Africa myth #3: Africa needs help from US celebrities
Of the many misconceptions about Africa, a major one appears to be that Africans can't seem to solve their problems without help from American celebrities.
Story by Here and Now. Listen to audio for full report.
In 2005, Kenyan writer Binyavanga Wainaina published a satirical article in Granta, headlined, “How to Write about Africa.”
Always use the word Africa, darkness or safari in your title. Treat Africa as if it were one country. It is hot and dusty. Tall thin people who are starving. Or hot and steamy, short people who eat primates. Never have a picture of a well-adjusted African on the cover of your book, or in it, unless that African has won a Nobel Peace Prize. An AK-47, prominent ribs, naked breasts: use these. And always end your book with Nelson Mandela saying something about rainbows or renaissances. Because you care.
It was satire, but isn’t that all we hear out of Africa -- and is the media to blame? Because the media is also criticized for not drawing attention to, say Somalia, now suffering a drought and civil war.
Scott Baldauf knows the frustration. He’s just completed five years as the Christian Science Monitor’s correspondent in South Africa, and reflects on some of the misconceptions about the continent in an essay headlined "Five Myths About Africa."
One of those myths is that Africa needs help from American celebrities. Baldauf says while the attention celebrities generate for various issues is valuable, Africans don't necessarily appreciate being rescued, over and over again, by white "Tarzans."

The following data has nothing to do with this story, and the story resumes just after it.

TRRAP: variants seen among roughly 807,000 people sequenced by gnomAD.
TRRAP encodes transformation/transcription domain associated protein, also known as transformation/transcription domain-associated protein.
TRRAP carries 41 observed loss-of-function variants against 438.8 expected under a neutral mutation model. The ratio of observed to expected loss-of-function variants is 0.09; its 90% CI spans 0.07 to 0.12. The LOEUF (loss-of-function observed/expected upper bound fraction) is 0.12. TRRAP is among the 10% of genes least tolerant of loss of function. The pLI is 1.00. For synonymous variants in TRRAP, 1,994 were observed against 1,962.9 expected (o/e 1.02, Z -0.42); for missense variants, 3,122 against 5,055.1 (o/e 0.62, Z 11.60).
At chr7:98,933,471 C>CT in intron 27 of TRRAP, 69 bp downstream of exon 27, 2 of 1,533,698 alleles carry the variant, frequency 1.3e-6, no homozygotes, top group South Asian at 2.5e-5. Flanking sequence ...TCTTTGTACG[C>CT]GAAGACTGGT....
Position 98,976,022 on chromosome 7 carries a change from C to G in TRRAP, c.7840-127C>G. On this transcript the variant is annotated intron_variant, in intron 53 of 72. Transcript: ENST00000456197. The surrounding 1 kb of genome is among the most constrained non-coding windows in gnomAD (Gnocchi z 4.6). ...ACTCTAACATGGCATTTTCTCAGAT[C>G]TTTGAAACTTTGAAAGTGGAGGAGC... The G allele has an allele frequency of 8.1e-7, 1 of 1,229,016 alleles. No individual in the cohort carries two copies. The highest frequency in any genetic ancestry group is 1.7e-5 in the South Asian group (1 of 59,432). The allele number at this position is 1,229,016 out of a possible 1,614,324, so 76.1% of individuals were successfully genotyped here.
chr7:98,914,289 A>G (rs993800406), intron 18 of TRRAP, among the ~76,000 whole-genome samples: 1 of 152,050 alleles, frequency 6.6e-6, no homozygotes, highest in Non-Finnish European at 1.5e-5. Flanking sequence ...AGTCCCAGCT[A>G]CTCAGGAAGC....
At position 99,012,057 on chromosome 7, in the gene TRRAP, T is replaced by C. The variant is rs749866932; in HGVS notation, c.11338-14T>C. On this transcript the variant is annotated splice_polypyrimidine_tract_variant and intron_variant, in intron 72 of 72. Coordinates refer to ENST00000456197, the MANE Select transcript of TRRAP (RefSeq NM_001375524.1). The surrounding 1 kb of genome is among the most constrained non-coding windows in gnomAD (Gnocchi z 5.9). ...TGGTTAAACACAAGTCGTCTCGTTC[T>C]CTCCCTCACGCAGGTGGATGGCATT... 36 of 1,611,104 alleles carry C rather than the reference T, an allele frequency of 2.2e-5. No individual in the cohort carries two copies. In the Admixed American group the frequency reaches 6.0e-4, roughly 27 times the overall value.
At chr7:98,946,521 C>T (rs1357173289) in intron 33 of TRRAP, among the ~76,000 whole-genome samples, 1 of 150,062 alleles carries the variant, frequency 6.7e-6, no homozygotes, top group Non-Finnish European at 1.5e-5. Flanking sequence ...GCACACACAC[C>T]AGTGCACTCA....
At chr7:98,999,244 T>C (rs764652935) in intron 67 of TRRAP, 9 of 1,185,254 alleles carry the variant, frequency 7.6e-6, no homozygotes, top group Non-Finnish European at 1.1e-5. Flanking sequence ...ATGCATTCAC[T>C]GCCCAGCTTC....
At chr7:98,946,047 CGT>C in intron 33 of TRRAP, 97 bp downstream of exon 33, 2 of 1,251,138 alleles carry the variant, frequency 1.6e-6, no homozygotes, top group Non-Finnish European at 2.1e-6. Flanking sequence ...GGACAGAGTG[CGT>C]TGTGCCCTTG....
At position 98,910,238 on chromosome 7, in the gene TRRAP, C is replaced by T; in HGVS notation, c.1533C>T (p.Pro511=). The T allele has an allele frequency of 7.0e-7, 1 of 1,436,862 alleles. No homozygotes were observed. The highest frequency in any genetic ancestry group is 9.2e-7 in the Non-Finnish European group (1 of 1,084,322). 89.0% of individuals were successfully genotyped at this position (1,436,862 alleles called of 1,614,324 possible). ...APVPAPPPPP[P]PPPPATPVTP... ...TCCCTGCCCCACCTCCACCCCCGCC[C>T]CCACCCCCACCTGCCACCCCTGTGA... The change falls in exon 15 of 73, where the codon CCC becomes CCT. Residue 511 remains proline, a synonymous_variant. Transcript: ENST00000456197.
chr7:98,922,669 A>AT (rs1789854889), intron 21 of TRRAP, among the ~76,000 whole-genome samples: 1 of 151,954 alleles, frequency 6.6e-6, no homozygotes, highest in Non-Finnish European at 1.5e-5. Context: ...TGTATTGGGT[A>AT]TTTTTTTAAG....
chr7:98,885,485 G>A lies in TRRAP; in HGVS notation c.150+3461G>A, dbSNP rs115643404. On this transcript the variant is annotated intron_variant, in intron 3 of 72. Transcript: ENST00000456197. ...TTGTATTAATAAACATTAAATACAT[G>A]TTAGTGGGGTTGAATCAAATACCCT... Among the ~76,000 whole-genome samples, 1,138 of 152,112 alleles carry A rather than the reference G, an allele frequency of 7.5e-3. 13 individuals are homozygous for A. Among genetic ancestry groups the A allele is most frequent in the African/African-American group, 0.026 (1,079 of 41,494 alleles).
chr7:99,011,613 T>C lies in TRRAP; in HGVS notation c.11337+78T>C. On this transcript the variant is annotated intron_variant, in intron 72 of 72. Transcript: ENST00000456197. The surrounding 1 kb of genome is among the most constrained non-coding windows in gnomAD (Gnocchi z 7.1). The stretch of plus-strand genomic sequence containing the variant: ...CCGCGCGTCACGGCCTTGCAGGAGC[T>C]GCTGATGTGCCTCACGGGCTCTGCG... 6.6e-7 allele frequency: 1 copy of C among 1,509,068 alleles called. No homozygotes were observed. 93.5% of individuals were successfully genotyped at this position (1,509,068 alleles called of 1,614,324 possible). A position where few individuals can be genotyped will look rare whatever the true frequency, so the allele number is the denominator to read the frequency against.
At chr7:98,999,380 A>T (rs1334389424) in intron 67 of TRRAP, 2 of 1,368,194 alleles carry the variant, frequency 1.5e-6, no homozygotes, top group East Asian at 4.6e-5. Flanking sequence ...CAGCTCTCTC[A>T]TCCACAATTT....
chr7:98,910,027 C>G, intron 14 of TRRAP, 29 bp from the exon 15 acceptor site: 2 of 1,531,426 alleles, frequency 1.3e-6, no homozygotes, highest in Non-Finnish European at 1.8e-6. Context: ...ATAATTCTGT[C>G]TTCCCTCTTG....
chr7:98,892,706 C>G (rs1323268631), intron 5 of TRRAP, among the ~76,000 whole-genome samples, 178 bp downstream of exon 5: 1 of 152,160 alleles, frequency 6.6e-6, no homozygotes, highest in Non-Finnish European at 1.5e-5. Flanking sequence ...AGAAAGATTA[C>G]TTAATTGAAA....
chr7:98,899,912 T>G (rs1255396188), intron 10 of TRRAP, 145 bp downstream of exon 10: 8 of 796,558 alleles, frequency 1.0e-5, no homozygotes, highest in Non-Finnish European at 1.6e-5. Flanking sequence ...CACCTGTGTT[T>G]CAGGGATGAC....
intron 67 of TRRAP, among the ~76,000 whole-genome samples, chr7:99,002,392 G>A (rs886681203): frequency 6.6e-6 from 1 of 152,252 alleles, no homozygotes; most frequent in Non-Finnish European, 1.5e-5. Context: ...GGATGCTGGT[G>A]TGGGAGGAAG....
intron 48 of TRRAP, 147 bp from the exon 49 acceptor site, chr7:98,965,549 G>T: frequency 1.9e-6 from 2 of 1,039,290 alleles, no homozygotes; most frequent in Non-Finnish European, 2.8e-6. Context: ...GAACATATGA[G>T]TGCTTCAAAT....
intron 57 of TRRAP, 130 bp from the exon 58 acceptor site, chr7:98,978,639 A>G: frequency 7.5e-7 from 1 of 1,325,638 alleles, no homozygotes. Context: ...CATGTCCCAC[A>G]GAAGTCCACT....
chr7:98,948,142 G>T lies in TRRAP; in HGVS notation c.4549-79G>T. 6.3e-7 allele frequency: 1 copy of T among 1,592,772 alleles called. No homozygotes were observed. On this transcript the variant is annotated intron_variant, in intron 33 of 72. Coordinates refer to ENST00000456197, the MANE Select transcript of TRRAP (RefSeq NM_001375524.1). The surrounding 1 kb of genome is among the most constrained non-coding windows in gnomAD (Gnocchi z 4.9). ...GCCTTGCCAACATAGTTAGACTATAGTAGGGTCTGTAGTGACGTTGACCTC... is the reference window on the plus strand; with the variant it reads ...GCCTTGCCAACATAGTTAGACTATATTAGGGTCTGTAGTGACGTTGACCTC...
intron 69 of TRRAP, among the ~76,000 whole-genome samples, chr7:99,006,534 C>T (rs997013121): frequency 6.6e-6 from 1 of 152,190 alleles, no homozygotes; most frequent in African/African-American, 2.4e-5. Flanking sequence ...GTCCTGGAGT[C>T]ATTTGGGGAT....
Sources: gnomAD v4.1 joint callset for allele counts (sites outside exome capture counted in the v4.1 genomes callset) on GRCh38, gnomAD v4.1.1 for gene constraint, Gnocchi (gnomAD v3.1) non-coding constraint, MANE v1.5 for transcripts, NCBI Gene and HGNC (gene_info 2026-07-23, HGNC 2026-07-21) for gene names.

"Unfortunately, these celebrities tend to be white," Baldauf explained. "It might help if there were more black celebrities doing this, and if those black celebrities got as much attention as George Clooney, as Matt Damon, as Angelina Jolie, etc."
At the core of this is the perception that Africans can't solve their own problems.
"For Africans, they look at this and say, 'come on, we're much more than that. We're much more complex than that, we have interests and needs beyond what you guys can describe," said Baldauf.
Other myths you can read about on Baldauf's post include: Africa is poor, Africa is violent and Africa is backward.
"Here and Now" is an essential midday news magazine for those who want the latest news and expanded conversation on today's hot-button topics.